- Cook , James
- (1728–1778) British navigator and explorerCook, the son of a Scottish farm laborer, was born at Marston in England. He was educated at the local village school and joined the Royal Navy as an able seaman in 1755. He became a ship's master in 1759, spending eight years on survey work before being appointed by the Royal Society to take command of theEndeavour in 1768 on its voyage to the islands of Tahiti. He made two further major voyages of discovery in 1772–75 and in 1776.In many ways Cook's journeys were the first modern voyages. His voyage in 1768 was to be the first of the great scientific expeditions that were to become so common in the following century. One of his main duties was to carry Royal Society observers to Tahiti to watch the transit of Venus across the Sun; such transits of planets were valuable for determining the distance between the Earth and the Sun. The scientists on board included the distinguished naturalists Joseph Banks and his assistant, Daniel Solander, and the expedition also carried artists to maintain a visual record.The voyage's second main objective was to discover the southern continent, Terra Australis, which was believed to exist. It was assumed that the northern land mass of Eurasia must be symmetrically balanced by a southern land mass. Cook found New Zealand and extensively charted this over a period of six months and then, continuing his voyage, sighted the southeast coast of Australia on 19 April, 1770. He continued up the east coast of Australia successfully navigating the treacherous Great Barrier Reef. The Endeavour returned to England with a vast collection of scientific observations. Cook also won fame for preventing any of his crew members from dying of scurvy by insisting on a diet that included forms of fresh fruit and vegetables.Cook led a second expedition (1772–75) to the South Seas in theResolution and the Adventure in which he circumnavigated the high latitudes and traveled as far south as latitude 72°. He discovered new lands, including New Caledonia and the South Sandwich Islands, but found no trace of the ‘great southern continent’. It was also on the second voyage that the chronometer was used as a standard issue after its successful testing. Before 1772 navigators determined their longitude either by guesswork or by some very complicated calculations based on the Moon. Now, merely by noting the time and making comparatively simple calculations, it was possible to determine positions east or west of Greenwich. On his return he was made a fellow of the Royal Society and, for his paper on scurvy and its prevention, was awarded the Copley Medal.Cook's third voyage (1776), again in the Resolution, ended in disaster. In trying to recover one of the ship's boats, which had been stolen by Polynesian islanders, Cook was attacked and killed by the natives on the beach of Kealakekua Bay.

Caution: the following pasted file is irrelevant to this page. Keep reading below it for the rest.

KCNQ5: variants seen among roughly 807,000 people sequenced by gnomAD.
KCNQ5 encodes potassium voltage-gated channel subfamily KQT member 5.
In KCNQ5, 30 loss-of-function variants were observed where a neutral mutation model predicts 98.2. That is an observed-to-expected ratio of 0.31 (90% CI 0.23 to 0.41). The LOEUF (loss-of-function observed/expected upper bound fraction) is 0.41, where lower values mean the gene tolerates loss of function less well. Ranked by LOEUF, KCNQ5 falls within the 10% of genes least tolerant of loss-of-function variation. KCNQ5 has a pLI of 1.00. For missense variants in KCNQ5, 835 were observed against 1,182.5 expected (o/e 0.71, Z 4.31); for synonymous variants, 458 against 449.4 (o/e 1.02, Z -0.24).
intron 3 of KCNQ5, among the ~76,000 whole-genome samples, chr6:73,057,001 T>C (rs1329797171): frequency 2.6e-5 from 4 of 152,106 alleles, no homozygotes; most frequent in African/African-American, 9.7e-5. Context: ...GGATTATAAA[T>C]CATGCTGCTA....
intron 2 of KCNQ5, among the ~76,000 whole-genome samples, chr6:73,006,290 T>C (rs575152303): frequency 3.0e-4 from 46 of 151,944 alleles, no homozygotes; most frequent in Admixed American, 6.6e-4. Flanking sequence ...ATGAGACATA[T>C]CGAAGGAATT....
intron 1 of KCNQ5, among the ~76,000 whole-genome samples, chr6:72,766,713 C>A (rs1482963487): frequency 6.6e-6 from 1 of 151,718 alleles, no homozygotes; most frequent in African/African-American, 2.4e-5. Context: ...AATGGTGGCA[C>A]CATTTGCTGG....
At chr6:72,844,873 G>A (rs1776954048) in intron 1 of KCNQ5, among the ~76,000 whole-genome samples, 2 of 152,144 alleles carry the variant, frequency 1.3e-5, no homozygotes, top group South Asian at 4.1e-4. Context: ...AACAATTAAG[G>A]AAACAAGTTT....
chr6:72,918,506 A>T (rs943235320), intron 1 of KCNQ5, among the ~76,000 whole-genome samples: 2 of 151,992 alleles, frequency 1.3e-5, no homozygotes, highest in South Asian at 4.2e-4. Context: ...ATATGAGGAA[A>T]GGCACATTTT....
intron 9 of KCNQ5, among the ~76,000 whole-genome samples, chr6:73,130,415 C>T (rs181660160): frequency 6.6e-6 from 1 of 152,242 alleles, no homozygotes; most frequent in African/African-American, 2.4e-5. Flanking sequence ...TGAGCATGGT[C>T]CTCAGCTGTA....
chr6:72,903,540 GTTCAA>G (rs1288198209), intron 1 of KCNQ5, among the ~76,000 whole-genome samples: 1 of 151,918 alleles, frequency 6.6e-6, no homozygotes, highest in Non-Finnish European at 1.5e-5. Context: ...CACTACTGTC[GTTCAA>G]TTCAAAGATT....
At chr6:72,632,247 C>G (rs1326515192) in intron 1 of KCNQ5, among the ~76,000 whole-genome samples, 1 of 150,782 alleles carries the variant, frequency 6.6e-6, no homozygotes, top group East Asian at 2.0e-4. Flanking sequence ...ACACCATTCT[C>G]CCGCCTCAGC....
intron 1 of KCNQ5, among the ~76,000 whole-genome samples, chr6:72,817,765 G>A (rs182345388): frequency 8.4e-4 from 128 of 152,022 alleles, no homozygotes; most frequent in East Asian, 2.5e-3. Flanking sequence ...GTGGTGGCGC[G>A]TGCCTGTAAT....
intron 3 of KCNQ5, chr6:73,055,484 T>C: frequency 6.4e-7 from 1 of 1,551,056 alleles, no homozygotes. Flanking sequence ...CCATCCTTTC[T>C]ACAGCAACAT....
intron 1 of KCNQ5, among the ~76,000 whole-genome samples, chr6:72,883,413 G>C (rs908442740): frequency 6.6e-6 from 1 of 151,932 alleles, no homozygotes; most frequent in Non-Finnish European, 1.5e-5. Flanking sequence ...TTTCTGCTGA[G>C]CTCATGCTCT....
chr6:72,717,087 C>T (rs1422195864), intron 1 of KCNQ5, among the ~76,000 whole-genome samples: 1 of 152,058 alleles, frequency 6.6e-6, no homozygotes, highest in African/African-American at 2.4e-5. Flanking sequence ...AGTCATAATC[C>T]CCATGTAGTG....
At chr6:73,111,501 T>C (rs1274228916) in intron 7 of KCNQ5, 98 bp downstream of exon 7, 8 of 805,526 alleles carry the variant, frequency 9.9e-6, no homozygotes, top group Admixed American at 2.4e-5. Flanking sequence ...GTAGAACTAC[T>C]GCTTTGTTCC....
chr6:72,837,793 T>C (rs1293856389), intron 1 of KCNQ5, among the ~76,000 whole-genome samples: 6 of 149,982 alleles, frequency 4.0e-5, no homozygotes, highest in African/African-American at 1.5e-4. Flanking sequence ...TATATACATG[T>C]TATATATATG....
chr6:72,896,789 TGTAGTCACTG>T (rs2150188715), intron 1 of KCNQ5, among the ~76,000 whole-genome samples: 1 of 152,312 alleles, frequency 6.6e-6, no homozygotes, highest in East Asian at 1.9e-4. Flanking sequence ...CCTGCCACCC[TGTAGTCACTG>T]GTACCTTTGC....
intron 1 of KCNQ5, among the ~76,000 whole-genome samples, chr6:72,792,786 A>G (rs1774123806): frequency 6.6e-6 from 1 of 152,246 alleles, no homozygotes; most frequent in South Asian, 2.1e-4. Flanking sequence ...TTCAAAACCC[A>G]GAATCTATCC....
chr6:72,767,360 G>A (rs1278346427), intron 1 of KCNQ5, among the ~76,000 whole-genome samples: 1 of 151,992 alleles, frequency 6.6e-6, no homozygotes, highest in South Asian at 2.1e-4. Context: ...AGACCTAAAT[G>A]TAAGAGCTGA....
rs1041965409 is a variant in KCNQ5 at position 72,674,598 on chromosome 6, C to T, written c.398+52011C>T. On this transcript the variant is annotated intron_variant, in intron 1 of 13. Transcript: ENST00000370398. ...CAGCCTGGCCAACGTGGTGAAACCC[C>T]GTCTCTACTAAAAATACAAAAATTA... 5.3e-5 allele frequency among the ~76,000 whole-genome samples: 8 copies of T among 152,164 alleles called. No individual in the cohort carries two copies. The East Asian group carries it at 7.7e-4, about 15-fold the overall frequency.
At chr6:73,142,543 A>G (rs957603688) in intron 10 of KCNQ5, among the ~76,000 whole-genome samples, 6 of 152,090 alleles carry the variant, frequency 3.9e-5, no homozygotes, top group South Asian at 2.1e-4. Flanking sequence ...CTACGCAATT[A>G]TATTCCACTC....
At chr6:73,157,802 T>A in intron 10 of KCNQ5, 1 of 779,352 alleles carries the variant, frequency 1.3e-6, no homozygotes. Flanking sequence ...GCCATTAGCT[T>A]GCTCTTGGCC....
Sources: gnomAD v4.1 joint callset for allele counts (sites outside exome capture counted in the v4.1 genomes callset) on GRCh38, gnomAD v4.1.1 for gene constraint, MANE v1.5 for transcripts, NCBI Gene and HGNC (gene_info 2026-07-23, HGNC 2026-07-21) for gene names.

Scientists. Academic. 2011.